Regrettably, not all manufacturers promoting POCs for non-delivery purposes provide detailed information regarding the pulse dose volume (expressed in mL) of a particular delivery device at a specific setting. Equally frustrating is the absence of information on the impact of increased breathing rates on concentrated oxygen purity at each setting. Further, there is no consistency in the number of numerical settings a particular device may have. Some models have three settings (i.e. 1, 2, and 3) whereas others have five settings, and some even six or more. Adding further confusion is the fact that, in most cases, the selected setting does not display the delivered pulse volume. Thus, one model POC will deliver a pulse volume of 27mL at the highest setting of 3, whereas a competing model will deliver a pulse volume of 192mL at the highest setting of 9. The former example is characteristic of single-mode POCs whereas the latter is characteristic of the more robust dual-mode POCs. In the absence of uniform data on performance specifications, especially with single-mode POCs, the only way to ensure adequate oxygenation is to conduct an individualized titration study and equip the patient with a personal pulse oximeter.11

While appealing in concept, because of the aforementioned deficiencies, it must be understood that non-delivery technology is not for every LTOT user. While there may be those who cannot be adequately saturated with one model of single-mode POC, another brand single-mode POC with higher oxygen production capabilities might work. At the same time, there may those patients in whom no single-mode POC will work, but who can attain satisfactory oxygenation with a dual-mode POC. It is therefore incumbent for both prescribers of LTOT and home care clinicians to understand the capabilities and limitations of non-delivery LTOT systems. It is this writer's experience that this is the exception rather than the rule. Accordingly, it is highly recommended that patients having any type of pulse dose/IF device prescribed for any use need a titration study to determine the device's ability to maintain adequate oxygenation under all conditions of intended use.2,12,13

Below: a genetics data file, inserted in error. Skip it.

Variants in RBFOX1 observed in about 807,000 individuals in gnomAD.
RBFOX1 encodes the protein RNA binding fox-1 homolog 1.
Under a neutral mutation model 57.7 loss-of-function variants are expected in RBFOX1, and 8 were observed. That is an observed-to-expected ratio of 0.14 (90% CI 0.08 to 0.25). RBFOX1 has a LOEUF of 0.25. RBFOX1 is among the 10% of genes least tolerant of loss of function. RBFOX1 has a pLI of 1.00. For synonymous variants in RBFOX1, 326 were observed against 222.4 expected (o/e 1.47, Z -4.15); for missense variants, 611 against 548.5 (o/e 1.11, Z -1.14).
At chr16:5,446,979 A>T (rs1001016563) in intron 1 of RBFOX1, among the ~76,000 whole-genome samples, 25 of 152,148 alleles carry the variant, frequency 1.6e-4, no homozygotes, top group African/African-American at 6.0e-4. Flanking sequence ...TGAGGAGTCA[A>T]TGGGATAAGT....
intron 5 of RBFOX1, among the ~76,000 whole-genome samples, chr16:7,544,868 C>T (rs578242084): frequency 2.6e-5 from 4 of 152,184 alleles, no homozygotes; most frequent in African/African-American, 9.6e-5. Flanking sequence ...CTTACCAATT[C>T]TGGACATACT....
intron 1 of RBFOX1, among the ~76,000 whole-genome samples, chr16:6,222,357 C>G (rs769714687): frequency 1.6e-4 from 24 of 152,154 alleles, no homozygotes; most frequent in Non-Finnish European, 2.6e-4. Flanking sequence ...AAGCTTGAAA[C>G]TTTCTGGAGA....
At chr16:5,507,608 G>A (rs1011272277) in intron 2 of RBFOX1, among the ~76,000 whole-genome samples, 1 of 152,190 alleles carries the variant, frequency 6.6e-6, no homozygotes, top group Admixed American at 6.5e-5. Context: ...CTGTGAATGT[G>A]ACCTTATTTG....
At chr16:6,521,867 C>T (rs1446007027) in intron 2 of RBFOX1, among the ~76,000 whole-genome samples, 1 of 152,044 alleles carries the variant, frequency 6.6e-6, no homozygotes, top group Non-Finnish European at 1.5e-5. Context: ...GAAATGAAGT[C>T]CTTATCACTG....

In summary, when used correctly by knowledgeable prescribers, home care clinicians and properly trained patients, non-delivery LTOT systems can provide a welcome alternative to being tethered to a large, stationary LTOT device, this in spite of the aforementioned performance limitations. Technological advances are sure to result in higher oxygen production capability of POCs even as unit weight decreases. Also on the horizon is the presumable integration of closed-loop, oximetry-driven oxygen delivery technology where oxygen dosing is automatically adjusted to maintain a target arterial saturation.13-15 As non-delivery LTOT technology does continues to evolve, one hopes that the appropriate regulatory agencies will establish uniform standards in terms of equipment labeling, dosing representations and performance capabilities to redress the issues and concerns described herein.

P.J. Dunne
The clinical impact of new long-term oxygen therapy technology
Respir Care, 54 (2009), pp. 1100-1111
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Respir Care, 54 (2009), pp. 344-349
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Copyright © 2012. Sociedade Portuguesa de Pneumologia